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I’m sure that just hearing those words, your mind took you to a particular incident that you’re not proud of.  Psychology Today explains that shame happens when you fall short of “societal moral standards”, whereas guilt is when you fall short of your own.

Many people who struggle with feelings of guilt and shame are often stuck in a cycle that they can’t seem to get out of.  The unfortunate part is that it is often paralyzing, and can lead to resentment and depression.  The torment that we feel limits us from fully engaging in what life has available for us, strains relationships, and can leave us questioning our self-worth.

The truth is that dwelling on the past hurts us more than it helps us.  Our minds have an unfortunate way of hooking us into unhelpful cycles by recalling memories that are hurtful and painful.  Constantly feeling guilty and ashamed can then cloud our judgement and stagnate our personal growth.  Whether what you’re guilty or ashamed of was something small or something that had huge consequences, ruminating over our thoughts to the point that we can’t see the good in ourselves and hope for the future doesn’t make things better.

Take these steps today to overcome the sting of guilt and shame, and move towards a more fulfilling life:

Accept Mistakes

A part of living life is making mistakes.  You’ve made many mistakes in your past, and will make many more in the future!  Accepting that no one’s perfect can be difficult, but understanding this can help to reduce your suffering.

Improve the Future

How can you take what you’ve learned from your experience to better yourself in the future?  We can’t change the past, but we have the ability to shape our future.  How can you apply the lessons you’ve learned towards future actions so that you can live a life that you’re proud of?  How can you inspire others to overcome their guilt and shame?

Exercise Self-Compassion

It can be difficult to feel good about ourselves when we’ve done something we’re not proud of, but self-compassion is vital to overcoming guilt and shame.  Forgiving yourself starts with acceptance and the commitment to be better.  Challenge negative thoughts about yourself and practice positive self-talk to encourage healing.


Source: Burton, N.  (2017, March 16).  What’s the Difference Between Guilt and Shame?  Retrieved from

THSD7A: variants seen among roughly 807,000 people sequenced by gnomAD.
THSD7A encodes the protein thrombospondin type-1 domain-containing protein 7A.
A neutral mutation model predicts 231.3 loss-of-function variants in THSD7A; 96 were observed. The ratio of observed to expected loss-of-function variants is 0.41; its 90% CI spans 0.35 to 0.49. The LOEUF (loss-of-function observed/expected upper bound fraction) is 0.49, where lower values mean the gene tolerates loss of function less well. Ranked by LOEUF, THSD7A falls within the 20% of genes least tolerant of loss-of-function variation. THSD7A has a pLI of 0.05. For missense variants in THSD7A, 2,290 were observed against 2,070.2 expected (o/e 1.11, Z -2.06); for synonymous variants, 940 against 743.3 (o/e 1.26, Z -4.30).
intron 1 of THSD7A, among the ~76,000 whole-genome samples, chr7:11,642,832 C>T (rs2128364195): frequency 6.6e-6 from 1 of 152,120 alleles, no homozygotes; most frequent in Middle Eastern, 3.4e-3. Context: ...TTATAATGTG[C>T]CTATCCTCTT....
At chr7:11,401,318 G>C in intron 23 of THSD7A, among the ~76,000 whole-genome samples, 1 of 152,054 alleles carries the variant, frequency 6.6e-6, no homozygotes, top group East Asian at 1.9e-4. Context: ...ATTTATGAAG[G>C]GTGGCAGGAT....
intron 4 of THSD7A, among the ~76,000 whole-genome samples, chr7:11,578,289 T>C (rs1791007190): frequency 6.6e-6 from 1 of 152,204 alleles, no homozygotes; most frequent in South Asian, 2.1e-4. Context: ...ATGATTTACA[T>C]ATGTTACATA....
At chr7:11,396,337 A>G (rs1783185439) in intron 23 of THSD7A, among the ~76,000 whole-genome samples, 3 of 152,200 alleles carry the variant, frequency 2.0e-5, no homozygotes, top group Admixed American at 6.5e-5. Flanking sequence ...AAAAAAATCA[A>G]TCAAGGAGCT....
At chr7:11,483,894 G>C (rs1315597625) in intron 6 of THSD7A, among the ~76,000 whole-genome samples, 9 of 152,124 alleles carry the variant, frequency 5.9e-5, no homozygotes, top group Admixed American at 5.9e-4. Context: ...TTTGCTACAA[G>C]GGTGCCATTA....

Binge eating.  If you are or every have been a binge eater, I’m sure that simply reading the phrase elicits different feelings inside of you.  And if you’ve struggled with binge eating, I’m sure you’ve also tried many different diet and self-talk strategies to try and curb your eating; “My diet is going to start tomorrow”, “I need to get my money’s worth from this buffet!”, “Five more cookies and I’m done!” Sound familiar?  I could probably write a 15 page essay on all of the things I’ve ever said and done to curb my eating habits!

The problem with binge eating is that it doesn’t just end with food.  Researchers Hannah Woolhouse, Ann Knowles and Naomi Crafti (2012) explain that women who binge eat have an increased likelihood that they will suffer from low self-esteem, poor body image, interpersonal problems, depression and anxiety.  What their research and many others reveal, is that if we have a complicated relationship with our eating habits, we often have a complicated relationship with ourselves as well.


Woolhouse, Knowles and Crafti were interested in determining if mindfulness (the practice of being present or aware of what’s happening, free from judgement) could help women in controlling their binge eating habits.  They conducted a study where 30 women (ages 18-52) who regularly binge eat participated in a Mindful Eating Group (MEG) for 3 hours a day, for 10 weeks (Woolhouse, Knowles & Crafti, 2012, p. 324).  The women participated in mindfulness practice (such as formal and informal meditation and mindful or attentional eating), as well as CBT elements (including meal planning and food monitoring) (Woolhouse, Knowles & Crafti, 2012, p. 324).